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“Walking the Dog” takes on a whole new meaning

Gundog training is a combination of the three main disciplines encountered in the world of dogs.
“Obedience” - is required to remain steady and do as instructed - in spite of distractions.
“Agility” - stamina and physical fitness are required to go into / under and over obstacles.
“Tracking” - the dog needs to develop a keen nose - to search for, and find the hidden quarry.

   Training your dog to work on a shoot can be a most rewarding and enjoyable pastime. 
Even if you haven’t the slightest intention of getting involved in shooting, training your dog - up toward the standard needed to compete - even in local Gundog Working Tests - or even just achieving what you set out to do - is rewarding and good fun for both you and your dog. 
It’ll certainly keep you both fit - and greatly enhance the bond between you.
Having said that - it’s your dog that does the “fetching and carrying”.

You’ll be treated as a “management trainee”.


We’re lucky to have a home with lawns, lake and woodland extending to over 16 acres.

In addition, we have free access to a further 200 acres of surrounding farm land.

Use of this farm land obviously depends on the farmer’s seasonal requirements and needs - but there’s always much more land available than we could possibly make use of at any one time.
Basic training covers obedience, handling a slip lead, heelwork, use of a whistle and simple retrieving.
Beginner courses for Spaniels and HPRs also covers hunting and quartering to whistle. 
Most training at this level is done in the grounds surrounding the house - or in the nearer woodland.
“Intermediate” courses cover distance handling, changing direction and introduction to gunshot. 
For more advanced work and as training progresses, we make full use of the woods and open fields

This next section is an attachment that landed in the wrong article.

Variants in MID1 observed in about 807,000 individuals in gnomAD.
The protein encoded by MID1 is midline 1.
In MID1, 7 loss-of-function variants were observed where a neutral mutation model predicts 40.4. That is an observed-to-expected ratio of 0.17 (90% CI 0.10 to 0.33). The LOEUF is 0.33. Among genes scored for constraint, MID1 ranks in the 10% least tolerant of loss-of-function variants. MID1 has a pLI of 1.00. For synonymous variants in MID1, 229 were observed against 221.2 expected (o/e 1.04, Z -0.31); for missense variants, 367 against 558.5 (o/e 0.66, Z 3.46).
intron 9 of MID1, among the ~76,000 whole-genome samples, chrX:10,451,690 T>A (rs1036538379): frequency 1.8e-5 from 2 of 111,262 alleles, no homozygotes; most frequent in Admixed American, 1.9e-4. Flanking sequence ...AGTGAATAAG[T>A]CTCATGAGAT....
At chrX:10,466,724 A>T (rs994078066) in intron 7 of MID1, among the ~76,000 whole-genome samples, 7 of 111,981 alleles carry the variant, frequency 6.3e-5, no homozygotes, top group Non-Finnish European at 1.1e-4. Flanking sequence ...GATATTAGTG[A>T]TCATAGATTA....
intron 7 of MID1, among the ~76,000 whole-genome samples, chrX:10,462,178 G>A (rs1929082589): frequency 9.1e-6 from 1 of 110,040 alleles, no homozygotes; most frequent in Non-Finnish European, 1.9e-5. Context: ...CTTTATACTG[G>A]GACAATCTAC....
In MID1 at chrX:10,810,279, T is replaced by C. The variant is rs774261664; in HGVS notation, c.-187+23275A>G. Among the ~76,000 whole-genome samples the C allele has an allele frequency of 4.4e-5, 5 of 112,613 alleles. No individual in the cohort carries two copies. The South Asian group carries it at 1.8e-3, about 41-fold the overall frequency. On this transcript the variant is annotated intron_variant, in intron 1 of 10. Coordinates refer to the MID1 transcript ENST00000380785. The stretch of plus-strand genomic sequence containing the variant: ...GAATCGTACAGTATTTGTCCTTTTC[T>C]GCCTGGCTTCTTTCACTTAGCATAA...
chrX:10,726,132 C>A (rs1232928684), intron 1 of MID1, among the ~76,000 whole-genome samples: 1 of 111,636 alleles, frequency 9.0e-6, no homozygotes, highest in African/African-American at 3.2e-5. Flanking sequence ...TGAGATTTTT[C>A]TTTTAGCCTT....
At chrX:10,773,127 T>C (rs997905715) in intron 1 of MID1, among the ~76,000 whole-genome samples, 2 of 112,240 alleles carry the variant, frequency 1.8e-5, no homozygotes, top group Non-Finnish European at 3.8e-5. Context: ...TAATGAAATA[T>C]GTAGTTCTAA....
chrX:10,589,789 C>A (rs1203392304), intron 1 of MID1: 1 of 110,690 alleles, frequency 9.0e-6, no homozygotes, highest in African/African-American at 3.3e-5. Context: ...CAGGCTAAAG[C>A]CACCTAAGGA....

This includes“Hunting with Labradors” and “Quartering with Spaniels and HPRs”

- and a few other interesting challenges along the way.
We’ve a selection of jumps - ranging from stock fencing - poles - chicken fencing - gates - and hurdles.

We practice all sorts of variations of “Water Retrieves” from in and around our lake. 
Ease of entry is a key factor when introducing young dogs to water.

We’ve achieved that by building “easy steps”.
Most of our training sessions end up here - one way or another!

For some time, we’ve had a very typical pheasant release pen measuring about 3/4 acre.
It’s proved very useful for developing the hunting qualities of more advanced handlers and their dogs.
It’s also proving excellent for “containing” dogs that have a tendency to run off and explore elsewhere.

Much of our Spaniel training revolves around the use of our cover crop area. 
They thoroughly enjoy all their training stages because we ensure that they succeed - at every stage.


Although running training courses is great fun, one of the problems I’ve encountered is that keen handlers sooner or later buy their own books on the subject - which is great. 
This, however, lead to confusion as to which method we were supposed to be following.
I decided that it was time to edit and sort all my notes and write my own training manual.
 That would ensure that my trainees and I would both be singing from the same hymn sheet. 
This “standardization” has worked well - very well indeed!

        It’s in its 12th Edition - extends to 20 chapters - 100 pages - with more than 30 illustrations. 
It offers “Clear and Concise” - “Easy to Read”- “Easy to Follow” - instruction - including..........

  • “Equipment” - all the kit you’re going to need to train, work and practice with

  • “Script” - what to say - when to say it - how to say it - and how to use a whistle

  • “Puppy Training” - gentle training can start as early as 8 weeks

  • “Heelwork”  - a very basic control - but vitally important

  • “The Four Aces” - “Sit” - “Stay” - “ Stop” - “Steadiness”

  • “Basic Retrieving” - how to do it properly - with a section on problem solving

  • “Memory Retrieves” - dogs have memory - able to be developed - and put to very good use.

  • “The Clock Exercise” - training your dog to go exactly in the direction you want it to go

  • “Changing Direction” - teaching your dog to go left / right - or further away from you

  • “Blind Faith” - developing your dogs faith in you - to go for a retrieve that it can’t see

  • Hunting with Labradors - teaching your dog to hunt - without your help

  • Quartering with HPRs and Spaniels - developing that iconic hunt pattern

  • Water Retrieves and Jumps - coping with these two obstacles - usually great fun

  • Working on a Shoot - experienced background advice for first timers

  • Gundog Working Tests - more good background advice for first timers

It’s easily downloaded on to any PC, all “Apple” products and other smart phones.



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